Maximizing the reuse and recycling of building materials is important in reducing our carbon footprint—help Seattle continue this effort. DPD is seeking a paid intern to assist in improving the incentives for the deconstruction of buildings.
The Seattle Office of Sustainability and Environment (OSE) recently released the 2011/2012 Seattle Building Energy Benchmarking Analysis report and infographic on building energy use. This report and infographic reveals that Seattle building owners are poised to save tens of millions of dollars on energy annually by improving their building’s energy efficiency.
The Department of Planning and Development (DPD) is hosting a Priority Green open house on January 23, 2014, 9:00 a.m. to noon. Come learn how Priority Green, DPD’s voluntary green building incentive program is changing in 2014, and how it complements conservation goals at Seattle City Light and Seattle Public Utilities.
The City of Seattle and regional partners are identifying long-term green priorities and developing new code to address climate change.The public can comment on the draft code language at the Green Code Provisions Open House. Staff will be available to answer questions and give feedback to those who want to comment.
Even if you are already benchmarking, please review these tips if your building was subject to the October 3, 2011 reporting deadline (>50,000 single-family, non-residential buildings).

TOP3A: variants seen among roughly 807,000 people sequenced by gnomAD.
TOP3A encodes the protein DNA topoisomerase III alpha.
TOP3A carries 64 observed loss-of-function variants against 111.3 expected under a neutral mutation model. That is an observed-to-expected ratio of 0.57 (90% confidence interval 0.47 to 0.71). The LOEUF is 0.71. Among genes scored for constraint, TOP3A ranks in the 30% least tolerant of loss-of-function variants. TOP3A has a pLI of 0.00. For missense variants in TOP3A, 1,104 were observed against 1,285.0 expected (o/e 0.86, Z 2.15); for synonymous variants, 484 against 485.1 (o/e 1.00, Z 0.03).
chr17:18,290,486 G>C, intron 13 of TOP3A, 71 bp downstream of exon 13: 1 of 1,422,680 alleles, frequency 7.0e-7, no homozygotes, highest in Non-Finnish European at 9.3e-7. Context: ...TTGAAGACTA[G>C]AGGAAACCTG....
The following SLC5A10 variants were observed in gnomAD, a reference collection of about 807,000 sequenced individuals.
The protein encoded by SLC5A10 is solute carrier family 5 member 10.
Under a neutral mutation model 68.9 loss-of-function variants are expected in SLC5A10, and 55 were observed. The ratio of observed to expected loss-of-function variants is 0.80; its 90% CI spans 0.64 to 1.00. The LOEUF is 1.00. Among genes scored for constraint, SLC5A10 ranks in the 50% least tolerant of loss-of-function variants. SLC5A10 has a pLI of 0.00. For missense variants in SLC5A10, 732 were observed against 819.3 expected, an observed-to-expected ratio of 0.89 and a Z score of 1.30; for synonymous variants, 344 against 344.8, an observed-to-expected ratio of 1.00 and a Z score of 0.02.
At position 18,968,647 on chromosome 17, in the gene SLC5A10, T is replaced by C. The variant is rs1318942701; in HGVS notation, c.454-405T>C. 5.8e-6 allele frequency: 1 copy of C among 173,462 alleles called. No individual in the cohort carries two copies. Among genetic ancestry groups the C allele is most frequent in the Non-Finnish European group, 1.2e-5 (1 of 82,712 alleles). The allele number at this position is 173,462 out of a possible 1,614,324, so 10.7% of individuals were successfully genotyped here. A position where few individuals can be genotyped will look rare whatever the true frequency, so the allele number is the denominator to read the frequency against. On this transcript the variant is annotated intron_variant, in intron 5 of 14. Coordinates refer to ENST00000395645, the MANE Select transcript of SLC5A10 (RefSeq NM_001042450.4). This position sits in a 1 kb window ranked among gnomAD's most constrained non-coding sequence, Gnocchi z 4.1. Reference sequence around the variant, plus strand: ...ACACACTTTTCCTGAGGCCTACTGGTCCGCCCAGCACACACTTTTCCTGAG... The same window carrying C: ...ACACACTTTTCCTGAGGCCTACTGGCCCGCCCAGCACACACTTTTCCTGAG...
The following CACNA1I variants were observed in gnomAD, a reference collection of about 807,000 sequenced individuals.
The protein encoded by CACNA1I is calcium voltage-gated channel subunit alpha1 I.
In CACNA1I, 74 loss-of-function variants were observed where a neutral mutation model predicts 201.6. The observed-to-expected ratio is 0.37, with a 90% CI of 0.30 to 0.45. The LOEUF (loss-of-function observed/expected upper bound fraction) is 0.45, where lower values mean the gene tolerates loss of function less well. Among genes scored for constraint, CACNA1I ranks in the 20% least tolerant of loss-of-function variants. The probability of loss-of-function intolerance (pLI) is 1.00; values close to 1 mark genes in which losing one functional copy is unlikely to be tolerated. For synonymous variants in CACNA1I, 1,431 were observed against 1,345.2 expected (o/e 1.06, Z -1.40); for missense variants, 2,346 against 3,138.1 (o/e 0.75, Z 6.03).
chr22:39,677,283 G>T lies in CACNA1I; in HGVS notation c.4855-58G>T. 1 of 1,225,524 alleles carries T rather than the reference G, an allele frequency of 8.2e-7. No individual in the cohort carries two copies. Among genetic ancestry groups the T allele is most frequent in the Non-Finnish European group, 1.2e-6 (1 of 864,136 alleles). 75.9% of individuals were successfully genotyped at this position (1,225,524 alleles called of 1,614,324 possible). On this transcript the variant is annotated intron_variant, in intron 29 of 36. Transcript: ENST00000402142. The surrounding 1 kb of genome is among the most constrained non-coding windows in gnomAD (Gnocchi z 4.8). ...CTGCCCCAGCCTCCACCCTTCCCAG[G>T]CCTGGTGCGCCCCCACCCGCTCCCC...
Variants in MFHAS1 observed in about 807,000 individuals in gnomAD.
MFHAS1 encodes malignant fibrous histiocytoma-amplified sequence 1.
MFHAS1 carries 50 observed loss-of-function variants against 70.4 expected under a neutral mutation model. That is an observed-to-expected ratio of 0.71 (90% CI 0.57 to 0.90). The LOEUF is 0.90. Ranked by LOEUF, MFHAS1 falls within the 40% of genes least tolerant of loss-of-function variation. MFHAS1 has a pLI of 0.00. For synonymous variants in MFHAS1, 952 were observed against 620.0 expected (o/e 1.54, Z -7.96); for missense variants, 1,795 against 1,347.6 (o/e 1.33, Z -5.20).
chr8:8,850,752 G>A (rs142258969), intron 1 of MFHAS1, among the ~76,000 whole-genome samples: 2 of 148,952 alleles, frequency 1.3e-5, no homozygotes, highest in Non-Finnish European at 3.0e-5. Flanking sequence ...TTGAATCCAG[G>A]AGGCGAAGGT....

The City Green Building team takes an exciting new step in 2012. Beginning in January, part of the “green team” will join forces with the Office of Sustainability and Environment (OSE). Staff focused on policy development will become part of OSE, and those focused on green codes and permitting will stay with the Department of Planning and Development (DPD), as part of the Operations Division. As this next step unfolds, both DPD and OSE will continue to develop and implement innovative approaches to building sustainable neighborhoods.
Since 1999, the City Green Building team has been working to make sustainable development standard practice in the City of Seattle – first working as an interdepartmental team from across multiple City departments and then as a combined, yet still multidisciplinary, unit within DPD. City Green Building is now moving on to our next iteration to better align our work with that of our colleagues working on environmental policy, sustainable communities and development services.
Since 2000, the U.S. Green Building Council (USGBC) has developed an array of green building tools to provide building owners and operators with a framework to identify and implement practical and measurable green building design, construction, operations and maintenance solutions. Participating buildings may achieve a level of LEED certification representing the amount of high performance measures successfully incorporated into the project. Since its inception, LEED has transformed the way built environments are designed, constructed, and operated, and has helped to make sustainable building practices more commonplace.
The Sustainable Buildings and Sites Policy for municipal facilities in Seattle, Resolution 31326, was signed by Mayor McGinn on October 12, following the unanimous vote of approval from City Council. The legislation increases standards for the design, construction and operation of City buildings and sites in order to support city-wide goals for sustainable development.
Energy costs got you down? Come join the city’s Open House on October 17th and find out how to take a bite out of your energy bills.